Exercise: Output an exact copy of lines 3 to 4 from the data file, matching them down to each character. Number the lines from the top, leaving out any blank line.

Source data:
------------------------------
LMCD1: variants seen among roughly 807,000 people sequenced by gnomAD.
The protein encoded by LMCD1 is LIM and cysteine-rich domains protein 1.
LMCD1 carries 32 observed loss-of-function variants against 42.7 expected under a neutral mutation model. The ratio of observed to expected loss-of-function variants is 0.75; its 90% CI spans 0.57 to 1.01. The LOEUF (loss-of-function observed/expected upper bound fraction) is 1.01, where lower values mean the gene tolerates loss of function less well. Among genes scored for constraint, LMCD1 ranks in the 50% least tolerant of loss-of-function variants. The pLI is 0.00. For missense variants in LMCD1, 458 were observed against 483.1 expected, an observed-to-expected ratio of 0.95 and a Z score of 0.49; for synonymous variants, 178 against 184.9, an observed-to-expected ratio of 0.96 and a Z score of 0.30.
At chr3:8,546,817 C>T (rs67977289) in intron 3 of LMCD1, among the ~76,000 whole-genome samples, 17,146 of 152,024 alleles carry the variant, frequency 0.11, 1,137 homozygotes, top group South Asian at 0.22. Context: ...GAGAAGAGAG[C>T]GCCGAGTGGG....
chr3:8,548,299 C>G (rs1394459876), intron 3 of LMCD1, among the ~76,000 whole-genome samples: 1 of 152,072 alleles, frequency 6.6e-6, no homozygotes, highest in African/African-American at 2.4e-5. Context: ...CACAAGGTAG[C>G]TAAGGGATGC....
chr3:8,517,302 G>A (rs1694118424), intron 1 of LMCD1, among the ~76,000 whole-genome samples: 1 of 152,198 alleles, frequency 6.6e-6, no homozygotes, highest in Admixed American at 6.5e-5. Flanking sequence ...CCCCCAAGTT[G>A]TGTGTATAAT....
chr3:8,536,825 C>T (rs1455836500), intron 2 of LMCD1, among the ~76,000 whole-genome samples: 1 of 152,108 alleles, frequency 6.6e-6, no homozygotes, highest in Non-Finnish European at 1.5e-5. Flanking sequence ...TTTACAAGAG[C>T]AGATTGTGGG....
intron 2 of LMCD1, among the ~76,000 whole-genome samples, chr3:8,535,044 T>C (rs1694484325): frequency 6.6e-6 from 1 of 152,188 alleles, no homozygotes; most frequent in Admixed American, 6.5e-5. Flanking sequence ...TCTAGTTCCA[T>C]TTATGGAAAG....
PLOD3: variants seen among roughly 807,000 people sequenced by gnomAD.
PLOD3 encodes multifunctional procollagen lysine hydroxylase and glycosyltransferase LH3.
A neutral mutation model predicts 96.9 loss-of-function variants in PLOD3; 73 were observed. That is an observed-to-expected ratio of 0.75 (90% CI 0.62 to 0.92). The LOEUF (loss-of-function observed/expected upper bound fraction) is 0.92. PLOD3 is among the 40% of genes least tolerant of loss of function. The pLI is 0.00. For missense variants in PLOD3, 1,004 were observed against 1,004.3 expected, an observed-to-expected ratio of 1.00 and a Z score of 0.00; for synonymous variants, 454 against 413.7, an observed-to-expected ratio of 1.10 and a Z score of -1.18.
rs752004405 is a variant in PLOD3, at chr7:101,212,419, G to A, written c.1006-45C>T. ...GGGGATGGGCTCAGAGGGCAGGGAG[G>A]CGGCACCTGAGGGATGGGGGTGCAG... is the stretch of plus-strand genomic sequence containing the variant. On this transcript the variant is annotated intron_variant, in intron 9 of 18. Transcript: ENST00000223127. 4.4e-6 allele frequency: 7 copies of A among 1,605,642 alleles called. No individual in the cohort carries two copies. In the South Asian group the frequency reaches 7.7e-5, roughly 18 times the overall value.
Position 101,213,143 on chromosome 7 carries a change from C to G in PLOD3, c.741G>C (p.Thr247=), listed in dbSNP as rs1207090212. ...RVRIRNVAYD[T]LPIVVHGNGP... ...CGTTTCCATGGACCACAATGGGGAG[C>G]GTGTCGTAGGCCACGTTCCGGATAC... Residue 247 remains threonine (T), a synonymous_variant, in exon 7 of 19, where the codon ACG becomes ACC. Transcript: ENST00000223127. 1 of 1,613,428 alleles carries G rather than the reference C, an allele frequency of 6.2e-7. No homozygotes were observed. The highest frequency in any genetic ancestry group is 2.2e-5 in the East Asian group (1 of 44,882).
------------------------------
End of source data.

LMCD1 carries 32 observed loss-of-function variants against 42.7 expected under a neutral mutation model. The ratio of observed to expected loss-of-function variants is 0.75; its 90% CI spans 0.57 to 1.01. The LOEUF (loss-of-function observed/expected upper bound fraction) is 1.01, where lower values mean the gene tolerates loss of function less well. Among genes scored for constraint, LMCD1 ranks in the 50% least tolerant of loss-of-function variants. The pLI is 0.00. For missense variants in LMCD1, 458 were observed against 483.1 expected, an observed-to-expected ratio of 0.95 and a Z score of 0.49; for synonymous variants, 178 against 184.9, an observed-to-expected ratio of 0.96 and a Z score of 0.30.
At chr3:8,546,817 C>T (rs67977289) in intron 3 of LMCD1, among the ~76,000 whole-genome samples, 17,146 of 152,024 alleles carry the variant, frequency 0.11, 1,137 homozygotes, top group South Asian at 0.22. Context: ...GAGAAGAGAG[C>T]GCCGAGTGGG....